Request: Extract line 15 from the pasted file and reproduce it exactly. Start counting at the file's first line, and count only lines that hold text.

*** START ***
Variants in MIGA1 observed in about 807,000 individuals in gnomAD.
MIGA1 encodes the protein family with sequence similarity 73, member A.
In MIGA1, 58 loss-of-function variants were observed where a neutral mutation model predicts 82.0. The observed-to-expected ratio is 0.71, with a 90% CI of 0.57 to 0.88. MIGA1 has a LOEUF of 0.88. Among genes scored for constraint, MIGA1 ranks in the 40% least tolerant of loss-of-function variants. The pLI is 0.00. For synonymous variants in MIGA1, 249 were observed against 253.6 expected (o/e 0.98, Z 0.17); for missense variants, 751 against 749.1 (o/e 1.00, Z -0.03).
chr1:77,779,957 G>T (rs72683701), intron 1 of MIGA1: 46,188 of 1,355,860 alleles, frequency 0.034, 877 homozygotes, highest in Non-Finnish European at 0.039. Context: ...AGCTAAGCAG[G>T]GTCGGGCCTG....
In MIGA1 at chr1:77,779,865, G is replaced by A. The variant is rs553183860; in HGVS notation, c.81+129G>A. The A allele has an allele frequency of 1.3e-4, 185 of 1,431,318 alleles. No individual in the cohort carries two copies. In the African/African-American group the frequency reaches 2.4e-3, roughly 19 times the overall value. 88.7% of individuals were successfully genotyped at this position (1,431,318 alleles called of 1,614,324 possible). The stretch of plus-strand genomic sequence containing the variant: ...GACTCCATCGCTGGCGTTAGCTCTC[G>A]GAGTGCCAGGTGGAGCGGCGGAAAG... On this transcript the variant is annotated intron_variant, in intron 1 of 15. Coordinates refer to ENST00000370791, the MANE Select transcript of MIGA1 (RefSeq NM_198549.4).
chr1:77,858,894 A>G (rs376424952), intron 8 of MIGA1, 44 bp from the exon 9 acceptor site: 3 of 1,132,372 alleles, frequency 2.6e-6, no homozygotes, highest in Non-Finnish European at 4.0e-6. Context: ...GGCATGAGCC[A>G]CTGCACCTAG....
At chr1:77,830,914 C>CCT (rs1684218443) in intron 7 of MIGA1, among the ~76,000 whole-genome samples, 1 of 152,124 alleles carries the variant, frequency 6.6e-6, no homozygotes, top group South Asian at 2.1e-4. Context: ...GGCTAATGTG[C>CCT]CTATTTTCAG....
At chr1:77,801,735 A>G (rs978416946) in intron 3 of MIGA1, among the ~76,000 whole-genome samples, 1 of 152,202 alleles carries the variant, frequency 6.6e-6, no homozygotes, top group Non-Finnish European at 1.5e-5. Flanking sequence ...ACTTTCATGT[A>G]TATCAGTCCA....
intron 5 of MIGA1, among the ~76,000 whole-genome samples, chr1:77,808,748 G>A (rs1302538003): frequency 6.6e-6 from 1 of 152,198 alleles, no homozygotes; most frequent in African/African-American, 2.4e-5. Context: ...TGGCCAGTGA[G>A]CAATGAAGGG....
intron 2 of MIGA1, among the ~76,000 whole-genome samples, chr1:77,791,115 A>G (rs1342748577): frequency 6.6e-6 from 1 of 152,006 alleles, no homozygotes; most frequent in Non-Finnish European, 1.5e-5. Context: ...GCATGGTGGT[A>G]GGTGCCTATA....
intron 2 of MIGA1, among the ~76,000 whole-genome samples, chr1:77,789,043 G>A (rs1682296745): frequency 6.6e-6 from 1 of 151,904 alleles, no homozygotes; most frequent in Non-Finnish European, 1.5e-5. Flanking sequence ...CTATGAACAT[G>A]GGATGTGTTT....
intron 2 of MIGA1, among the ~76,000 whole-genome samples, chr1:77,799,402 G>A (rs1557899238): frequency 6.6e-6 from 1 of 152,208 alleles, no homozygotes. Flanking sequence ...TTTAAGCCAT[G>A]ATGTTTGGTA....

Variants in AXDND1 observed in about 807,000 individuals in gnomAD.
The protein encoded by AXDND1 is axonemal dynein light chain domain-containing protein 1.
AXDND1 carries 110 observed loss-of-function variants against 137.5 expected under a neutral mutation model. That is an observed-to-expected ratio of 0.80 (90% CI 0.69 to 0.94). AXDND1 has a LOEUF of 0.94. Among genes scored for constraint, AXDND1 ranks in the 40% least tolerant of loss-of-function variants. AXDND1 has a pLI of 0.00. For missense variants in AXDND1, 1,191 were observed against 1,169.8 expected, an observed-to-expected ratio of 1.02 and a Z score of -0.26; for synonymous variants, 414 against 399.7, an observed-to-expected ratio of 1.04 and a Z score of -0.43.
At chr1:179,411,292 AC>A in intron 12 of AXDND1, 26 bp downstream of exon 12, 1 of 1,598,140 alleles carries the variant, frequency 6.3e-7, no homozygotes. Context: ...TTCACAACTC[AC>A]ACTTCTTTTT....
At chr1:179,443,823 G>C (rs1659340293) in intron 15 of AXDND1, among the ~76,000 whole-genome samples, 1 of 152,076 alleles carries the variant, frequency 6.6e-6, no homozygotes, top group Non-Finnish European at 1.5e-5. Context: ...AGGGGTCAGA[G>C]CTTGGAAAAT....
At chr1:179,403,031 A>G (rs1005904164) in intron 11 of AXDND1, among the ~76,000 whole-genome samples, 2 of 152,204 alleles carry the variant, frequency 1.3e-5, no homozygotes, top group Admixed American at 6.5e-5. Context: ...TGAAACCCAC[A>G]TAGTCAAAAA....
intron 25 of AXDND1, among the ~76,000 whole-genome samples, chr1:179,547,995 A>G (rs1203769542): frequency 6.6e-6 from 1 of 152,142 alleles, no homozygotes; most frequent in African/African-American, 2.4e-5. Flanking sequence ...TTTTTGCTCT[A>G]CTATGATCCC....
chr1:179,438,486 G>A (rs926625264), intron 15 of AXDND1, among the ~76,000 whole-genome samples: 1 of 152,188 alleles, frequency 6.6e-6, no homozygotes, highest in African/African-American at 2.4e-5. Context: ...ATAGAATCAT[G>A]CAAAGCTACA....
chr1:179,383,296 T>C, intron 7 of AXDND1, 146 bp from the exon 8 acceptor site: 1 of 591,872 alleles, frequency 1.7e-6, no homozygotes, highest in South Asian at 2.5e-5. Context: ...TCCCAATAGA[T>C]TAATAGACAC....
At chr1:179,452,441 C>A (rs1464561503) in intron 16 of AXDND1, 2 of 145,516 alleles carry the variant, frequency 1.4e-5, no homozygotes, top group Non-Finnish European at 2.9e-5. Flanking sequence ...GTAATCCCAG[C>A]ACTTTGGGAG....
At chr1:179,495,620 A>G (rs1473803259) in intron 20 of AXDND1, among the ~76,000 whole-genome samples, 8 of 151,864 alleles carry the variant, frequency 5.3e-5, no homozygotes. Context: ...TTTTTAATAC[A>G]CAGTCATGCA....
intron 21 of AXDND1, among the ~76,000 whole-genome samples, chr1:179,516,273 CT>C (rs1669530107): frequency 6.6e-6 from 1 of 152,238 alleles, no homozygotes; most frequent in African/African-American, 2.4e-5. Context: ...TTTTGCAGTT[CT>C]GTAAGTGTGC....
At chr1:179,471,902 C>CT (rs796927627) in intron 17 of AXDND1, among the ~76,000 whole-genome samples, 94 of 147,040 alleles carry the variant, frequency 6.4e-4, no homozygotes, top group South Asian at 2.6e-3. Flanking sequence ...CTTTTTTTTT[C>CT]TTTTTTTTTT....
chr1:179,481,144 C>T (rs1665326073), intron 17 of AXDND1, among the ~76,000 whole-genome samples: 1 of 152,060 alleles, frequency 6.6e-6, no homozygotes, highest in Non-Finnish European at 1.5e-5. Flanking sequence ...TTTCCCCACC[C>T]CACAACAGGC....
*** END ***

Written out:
AXDND1 carries 110 observed loss-of-function variants against 137.5 expected under a neutral mutation model. That is an observed-to-expected ratio of 0.80 (90% CI 0.69 to 0.94). AXDND1 has a LOEUF of 0.94. Among genes scored for constraint, AXDND1 ranks in the 40% least tolerant of loss-of-function variants. AXDND1 has a pLI of 0.00. For missense variants in AXDND1, 1,191 were observed against 1,169.8 expected, an observed-to-expected ratio of 1.02 and a Z score of -0.26; for synonymous variants, 414 against 399.7, an observed-to-expected ratio of 1.04 and a Z score of -0.43.